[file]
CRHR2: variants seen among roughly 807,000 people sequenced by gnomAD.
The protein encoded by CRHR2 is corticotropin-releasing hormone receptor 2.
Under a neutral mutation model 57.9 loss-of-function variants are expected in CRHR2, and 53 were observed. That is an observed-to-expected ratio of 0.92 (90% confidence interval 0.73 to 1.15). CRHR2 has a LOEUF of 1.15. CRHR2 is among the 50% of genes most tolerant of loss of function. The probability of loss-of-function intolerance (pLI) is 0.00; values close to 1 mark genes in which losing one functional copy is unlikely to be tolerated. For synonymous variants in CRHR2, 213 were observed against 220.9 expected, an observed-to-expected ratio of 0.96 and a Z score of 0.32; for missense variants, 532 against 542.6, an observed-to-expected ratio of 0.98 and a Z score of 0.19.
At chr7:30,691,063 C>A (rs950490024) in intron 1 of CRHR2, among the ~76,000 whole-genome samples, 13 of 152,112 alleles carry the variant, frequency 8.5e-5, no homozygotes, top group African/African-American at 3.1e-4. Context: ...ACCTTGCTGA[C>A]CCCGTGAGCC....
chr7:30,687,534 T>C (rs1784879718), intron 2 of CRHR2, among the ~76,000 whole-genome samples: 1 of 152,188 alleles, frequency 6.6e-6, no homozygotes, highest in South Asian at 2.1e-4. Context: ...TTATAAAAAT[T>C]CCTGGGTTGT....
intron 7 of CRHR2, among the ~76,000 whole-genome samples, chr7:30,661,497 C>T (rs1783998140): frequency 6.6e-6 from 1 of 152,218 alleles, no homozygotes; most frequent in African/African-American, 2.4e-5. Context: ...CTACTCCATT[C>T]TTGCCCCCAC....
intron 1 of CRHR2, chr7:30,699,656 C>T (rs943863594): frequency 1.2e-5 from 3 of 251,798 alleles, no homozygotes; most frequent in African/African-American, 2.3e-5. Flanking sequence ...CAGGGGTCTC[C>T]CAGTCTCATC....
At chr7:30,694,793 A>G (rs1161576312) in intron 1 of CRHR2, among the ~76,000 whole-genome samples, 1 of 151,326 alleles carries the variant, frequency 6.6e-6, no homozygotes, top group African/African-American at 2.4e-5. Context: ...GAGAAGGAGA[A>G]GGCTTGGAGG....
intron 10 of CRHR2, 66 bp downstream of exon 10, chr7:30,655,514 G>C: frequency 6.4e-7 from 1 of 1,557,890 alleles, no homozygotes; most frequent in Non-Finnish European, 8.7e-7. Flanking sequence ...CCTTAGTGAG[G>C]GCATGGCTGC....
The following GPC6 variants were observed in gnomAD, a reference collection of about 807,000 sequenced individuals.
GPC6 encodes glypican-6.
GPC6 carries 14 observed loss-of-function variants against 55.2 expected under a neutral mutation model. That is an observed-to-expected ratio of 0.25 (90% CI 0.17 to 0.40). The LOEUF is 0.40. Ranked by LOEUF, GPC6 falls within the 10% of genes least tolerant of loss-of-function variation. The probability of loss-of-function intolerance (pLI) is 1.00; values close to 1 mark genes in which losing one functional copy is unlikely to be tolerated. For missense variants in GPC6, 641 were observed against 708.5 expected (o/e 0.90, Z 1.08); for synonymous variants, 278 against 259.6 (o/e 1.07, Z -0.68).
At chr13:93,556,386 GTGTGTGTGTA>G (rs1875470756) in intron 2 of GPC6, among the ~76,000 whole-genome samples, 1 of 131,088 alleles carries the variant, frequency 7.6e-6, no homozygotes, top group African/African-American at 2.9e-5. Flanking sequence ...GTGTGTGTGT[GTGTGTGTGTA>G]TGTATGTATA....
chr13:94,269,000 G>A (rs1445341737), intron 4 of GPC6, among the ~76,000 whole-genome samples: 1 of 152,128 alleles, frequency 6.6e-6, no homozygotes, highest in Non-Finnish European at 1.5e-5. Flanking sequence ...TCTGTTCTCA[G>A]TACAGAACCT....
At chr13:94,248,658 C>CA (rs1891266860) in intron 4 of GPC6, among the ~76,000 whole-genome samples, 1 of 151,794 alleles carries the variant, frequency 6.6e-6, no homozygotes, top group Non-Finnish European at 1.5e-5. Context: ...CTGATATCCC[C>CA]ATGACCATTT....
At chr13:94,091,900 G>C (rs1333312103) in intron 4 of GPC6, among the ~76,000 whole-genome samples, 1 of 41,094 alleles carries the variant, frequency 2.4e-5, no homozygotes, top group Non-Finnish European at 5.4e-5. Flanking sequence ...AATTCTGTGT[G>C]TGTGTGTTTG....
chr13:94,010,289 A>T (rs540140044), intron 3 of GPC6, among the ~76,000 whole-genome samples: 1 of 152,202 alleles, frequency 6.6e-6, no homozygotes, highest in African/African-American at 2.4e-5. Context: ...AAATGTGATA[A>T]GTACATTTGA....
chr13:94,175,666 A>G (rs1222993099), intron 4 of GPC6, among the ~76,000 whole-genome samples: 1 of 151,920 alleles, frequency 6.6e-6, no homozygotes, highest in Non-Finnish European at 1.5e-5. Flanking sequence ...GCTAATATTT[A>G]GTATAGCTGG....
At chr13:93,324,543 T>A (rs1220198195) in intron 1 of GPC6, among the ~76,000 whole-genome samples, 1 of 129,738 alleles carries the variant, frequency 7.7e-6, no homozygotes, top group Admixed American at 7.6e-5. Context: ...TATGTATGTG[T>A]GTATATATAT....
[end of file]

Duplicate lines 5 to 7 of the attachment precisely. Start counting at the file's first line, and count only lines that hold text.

chr7:30,687,534 T>C (rs1784879718), intron 2 of CRHR2, among the ~76,000 whole-genome samples: 1 of 152,188 alleles, frequency 6.6e-6, no homozygotes, highest in South Asian at 2.1e-4. Context: ...TTATAAAAAT[T>C]CCTGGGTTGT....
intron 7 of CRHR2, among the ~76,000 whole-genome samples, chr7:30,661,497 C>T (rs1783998140): frequency 6.6e-6 from 1 of 152,218 alleles, no homozygotes; most frequent in African/African-American, 2.4e-5. Context: ...CTACTCCATT[C>T]TTGCCCCCAC....
intron 1 of CRHR2, chr7:30,699,656 C>T (rs943863594): frequency 1.2e-5 from 3 of 251,798 alleles, no homozygotes; most frequent in African/African-American, 2.3e-5. Flanking sequence ...CAGGGGTCTC[C>T]CAGTCTCATC....